Summit Worship, Our God is Unstoppable

Releasing today is Summit's newest offering. My friend and kindred spirit, Jonathan Welch, is the understated leader of this outfit, overseeing some very talented worship leaders, songwriters, and recording artists (e.g. Matt Papa), and this latest record from Summit is full of beautiful songs for the Church which are rich in Godward theology and gospel-saturated expression. Something remarkable, too, similar to my comments about Journey Church's Songs from the Book of Ephesians, is its diversity. "Praise to the Lord the Almighty" is a beautiful, groovy pop-gospel number, with great vocals and an infectious beat. The final song, "Dios, Ven" (God, Come), is a Spanish rock ballad with explicit Trinitarian theology and a high view of God's glory. Go get it on iTunes today!

Monday
Mar312014

How Worship is a Murderer

Many of us struggle to see gathered, corporate worship as helpful to our spiritual growth and vitality. And even if we find it helpful, we might lift an eyebrow at anyone who might say that it is instrumental or (dare say it) necessary. The irony for those of us who take lightly the weekly gathering of the people of God is that the spirit which rises up within us that says "I don't really need this that much" is the very same spirit that worship intendeds to kill. If worship had a Twitter profile, its brief description would have to include "Murderer." Worship was built by God to be a blood-thirsty attack dog with a keen appetite for something very specific in us. My favorite worship theologian, Jean-Jacques von Allmen, explains:

To declare that [worship] is optional, that it is not necessary to the continuation of God's work of salvation, is to despise the source of grace. ... By worship, if not by worship exclusively, the Church keeps open the wound which the resurrection of Christ and the outpouring of the Spirit have inflicted on the self-righteousness of the world, and in this way too the process of salvation is continued.*

God designed worship to slay our self-righteousness.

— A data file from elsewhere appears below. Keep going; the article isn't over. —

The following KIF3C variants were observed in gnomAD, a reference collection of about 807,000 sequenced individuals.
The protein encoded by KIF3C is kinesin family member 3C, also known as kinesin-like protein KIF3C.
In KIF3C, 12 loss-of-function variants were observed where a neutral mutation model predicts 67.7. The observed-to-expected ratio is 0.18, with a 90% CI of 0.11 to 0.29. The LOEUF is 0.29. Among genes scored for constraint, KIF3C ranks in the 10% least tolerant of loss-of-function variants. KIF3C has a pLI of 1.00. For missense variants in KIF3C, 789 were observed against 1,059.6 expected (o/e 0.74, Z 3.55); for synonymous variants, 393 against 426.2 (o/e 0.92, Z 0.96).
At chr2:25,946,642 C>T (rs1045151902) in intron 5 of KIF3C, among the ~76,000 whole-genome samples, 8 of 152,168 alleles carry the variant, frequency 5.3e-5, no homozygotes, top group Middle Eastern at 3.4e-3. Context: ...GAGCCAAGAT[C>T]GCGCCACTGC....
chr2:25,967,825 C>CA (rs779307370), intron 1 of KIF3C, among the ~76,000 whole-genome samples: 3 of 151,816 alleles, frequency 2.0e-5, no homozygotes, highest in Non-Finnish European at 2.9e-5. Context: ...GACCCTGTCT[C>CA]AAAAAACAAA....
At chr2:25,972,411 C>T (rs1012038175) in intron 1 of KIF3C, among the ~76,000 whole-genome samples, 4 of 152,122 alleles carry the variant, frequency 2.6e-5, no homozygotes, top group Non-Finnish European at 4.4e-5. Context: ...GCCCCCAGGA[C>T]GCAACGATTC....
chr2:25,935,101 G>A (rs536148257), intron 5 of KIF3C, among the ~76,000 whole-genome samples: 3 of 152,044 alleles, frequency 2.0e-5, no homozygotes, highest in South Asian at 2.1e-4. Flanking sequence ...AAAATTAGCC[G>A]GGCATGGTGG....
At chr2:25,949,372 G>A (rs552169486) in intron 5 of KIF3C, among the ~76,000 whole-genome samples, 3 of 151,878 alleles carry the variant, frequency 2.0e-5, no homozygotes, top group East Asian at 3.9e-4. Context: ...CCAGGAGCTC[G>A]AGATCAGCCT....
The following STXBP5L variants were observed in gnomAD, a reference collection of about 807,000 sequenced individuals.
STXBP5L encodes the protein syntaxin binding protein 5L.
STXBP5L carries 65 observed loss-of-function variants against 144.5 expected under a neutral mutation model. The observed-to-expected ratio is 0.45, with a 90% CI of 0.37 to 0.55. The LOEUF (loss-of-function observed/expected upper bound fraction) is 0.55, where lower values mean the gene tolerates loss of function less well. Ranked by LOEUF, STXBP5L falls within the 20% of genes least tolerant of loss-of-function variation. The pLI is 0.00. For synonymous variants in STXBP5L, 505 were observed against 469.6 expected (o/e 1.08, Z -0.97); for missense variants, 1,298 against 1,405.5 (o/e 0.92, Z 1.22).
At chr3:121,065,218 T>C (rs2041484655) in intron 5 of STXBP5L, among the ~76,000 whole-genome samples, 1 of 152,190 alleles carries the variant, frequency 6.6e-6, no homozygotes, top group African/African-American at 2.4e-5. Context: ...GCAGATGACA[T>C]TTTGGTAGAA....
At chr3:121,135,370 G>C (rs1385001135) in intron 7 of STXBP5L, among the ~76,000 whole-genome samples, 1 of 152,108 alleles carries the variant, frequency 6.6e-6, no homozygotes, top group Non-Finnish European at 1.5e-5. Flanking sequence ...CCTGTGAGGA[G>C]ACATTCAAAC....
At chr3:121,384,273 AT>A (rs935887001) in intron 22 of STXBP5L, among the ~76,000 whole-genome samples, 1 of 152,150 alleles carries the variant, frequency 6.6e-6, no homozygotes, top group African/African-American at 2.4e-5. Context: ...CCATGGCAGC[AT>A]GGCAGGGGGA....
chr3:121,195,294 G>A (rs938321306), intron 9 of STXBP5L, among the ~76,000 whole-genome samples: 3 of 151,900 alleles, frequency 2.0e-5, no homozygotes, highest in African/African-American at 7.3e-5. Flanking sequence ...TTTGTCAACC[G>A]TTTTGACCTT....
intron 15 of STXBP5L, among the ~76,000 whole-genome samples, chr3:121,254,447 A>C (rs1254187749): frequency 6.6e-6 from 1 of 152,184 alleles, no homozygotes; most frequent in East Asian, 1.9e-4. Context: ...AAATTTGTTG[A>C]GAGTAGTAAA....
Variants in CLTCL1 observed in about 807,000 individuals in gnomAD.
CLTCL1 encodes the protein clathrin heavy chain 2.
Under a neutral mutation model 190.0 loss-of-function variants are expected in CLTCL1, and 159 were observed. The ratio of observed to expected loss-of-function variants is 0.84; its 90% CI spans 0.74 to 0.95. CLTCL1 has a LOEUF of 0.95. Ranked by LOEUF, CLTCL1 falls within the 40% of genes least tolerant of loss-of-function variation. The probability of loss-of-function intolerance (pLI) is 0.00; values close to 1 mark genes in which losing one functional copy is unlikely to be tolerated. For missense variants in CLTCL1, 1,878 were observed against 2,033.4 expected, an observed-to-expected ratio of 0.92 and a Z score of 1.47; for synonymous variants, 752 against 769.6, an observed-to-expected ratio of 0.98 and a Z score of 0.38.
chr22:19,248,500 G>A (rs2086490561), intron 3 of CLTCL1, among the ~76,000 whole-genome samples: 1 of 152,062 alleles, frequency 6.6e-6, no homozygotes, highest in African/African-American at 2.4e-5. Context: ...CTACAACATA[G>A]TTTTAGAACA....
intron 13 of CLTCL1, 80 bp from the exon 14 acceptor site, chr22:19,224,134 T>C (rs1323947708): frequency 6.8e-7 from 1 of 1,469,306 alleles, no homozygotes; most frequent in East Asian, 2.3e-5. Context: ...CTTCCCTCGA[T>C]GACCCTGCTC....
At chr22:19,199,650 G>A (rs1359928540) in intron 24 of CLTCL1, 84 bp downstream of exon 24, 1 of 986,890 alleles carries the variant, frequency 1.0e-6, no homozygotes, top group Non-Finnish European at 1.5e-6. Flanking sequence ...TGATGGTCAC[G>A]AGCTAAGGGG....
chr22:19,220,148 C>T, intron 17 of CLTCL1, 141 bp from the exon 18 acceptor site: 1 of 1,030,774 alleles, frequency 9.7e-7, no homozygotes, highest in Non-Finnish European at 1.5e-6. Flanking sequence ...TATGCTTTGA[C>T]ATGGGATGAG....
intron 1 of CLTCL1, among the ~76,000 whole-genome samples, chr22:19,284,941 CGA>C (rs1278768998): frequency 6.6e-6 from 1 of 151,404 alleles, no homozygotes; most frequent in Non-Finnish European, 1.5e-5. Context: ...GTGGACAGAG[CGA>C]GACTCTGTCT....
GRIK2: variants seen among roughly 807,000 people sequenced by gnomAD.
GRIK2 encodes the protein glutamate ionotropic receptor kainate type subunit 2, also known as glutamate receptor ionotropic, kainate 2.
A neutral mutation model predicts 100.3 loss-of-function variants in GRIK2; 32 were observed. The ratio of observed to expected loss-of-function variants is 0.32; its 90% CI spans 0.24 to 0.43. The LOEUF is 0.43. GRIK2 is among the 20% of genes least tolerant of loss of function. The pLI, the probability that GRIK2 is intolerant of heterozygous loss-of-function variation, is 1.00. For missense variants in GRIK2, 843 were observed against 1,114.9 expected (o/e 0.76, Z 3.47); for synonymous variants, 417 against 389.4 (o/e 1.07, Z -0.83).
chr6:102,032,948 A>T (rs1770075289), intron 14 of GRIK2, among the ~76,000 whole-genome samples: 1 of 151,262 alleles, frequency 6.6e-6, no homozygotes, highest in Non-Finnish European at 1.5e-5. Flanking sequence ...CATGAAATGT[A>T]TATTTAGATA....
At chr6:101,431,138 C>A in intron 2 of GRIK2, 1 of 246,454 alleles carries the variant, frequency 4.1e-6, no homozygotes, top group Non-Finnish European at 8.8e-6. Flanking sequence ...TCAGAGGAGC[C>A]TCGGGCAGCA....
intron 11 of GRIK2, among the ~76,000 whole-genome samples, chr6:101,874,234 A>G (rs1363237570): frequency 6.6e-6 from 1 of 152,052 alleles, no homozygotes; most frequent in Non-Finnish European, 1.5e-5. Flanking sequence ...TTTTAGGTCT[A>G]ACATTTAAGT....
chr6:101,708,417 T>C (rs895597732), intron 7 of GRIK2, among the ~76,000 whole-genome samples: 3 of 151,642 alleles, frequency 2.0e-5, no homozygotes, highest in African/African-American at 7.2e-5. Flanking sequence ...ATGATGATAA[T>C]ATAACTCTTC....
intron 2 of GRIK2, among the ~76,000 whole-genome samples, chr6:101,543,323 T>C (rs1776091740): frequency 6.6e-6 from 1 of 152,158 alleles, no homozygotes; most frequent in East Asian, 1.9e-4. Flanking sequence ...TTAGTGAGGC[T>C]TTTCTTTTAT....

We human beings are "bruised by the Fall" (Philip Bliss) in such a way that we are hell-bent self-justification machines. We know no other pattern than to hide our weaknesses and manufacture pseudo-strengths. Our instinct, when accused of wrongdoing, is to deny and defend. Our default, when we do the right thing (no matter how much we say it's "for the glory of God") is to pat our spiritual selves on the back and believe that God is more happy with us because of what we've done. When the Holy Spirit applied the work of Christ to us, God the Father delivered the mortal wound to the beast of our self-righteousness. But the beast, while bleeding out this side of eternity, is still snarling, clawing, lashing, biting, and lunging. It is this disgusting creature that Paul is talking about in the latter half Romans 7, when he finally cries out, "Wretched man that I am!" This tormenter of souls rises weekly, daily, hourly within us.

But we're not without hope. God has equipped a warrior to unsheath his gospel-sword every week to deliver another thrust into the thick flesh of our self-righteousness. That warrior is worship.

What von Allmen meant was that worship, rightly done, takes us on a needed weekly journey where we are reminded that we must come to the end of ourselves before we can fully see, appreciate, appropriate, and drink in the gospel. The beginning of worship should cast such a vision of God that we are blinded by His glory and leveled by His perfection. Worship gives us a picture of God's holiness that is so high and so "other" that we are jarred out of any sense of being able to attain it. During the week, our amnesia begins to set in, and our eyes go blurry, such that the mountain of God's glory starts looking like a gently-sloped hill. "I can climb that," we think. ("I can avoid these pet sins for a few days." "I can please God by being faithful in my devotions and Bible reading." "I can be a good mom and not lose my temper." "I can avoid those channels and sites.") We think, "God must love me more this week, because I've been pretty good."

And worship grabs us by the collar, slaps us in the face, and says, "Wake up, man!" It yells, "You're far worse than you ever imagined, because, look, look at God!" And, once again, the scales fall off our eyes and the placid, green, hills-are-alive peak you thought you were looking at is really a hulking Himalayan cliff. And there it is: the moment of impossibility, where God's gracious sword enters the beast yet again. Worship is God's gracious murderer.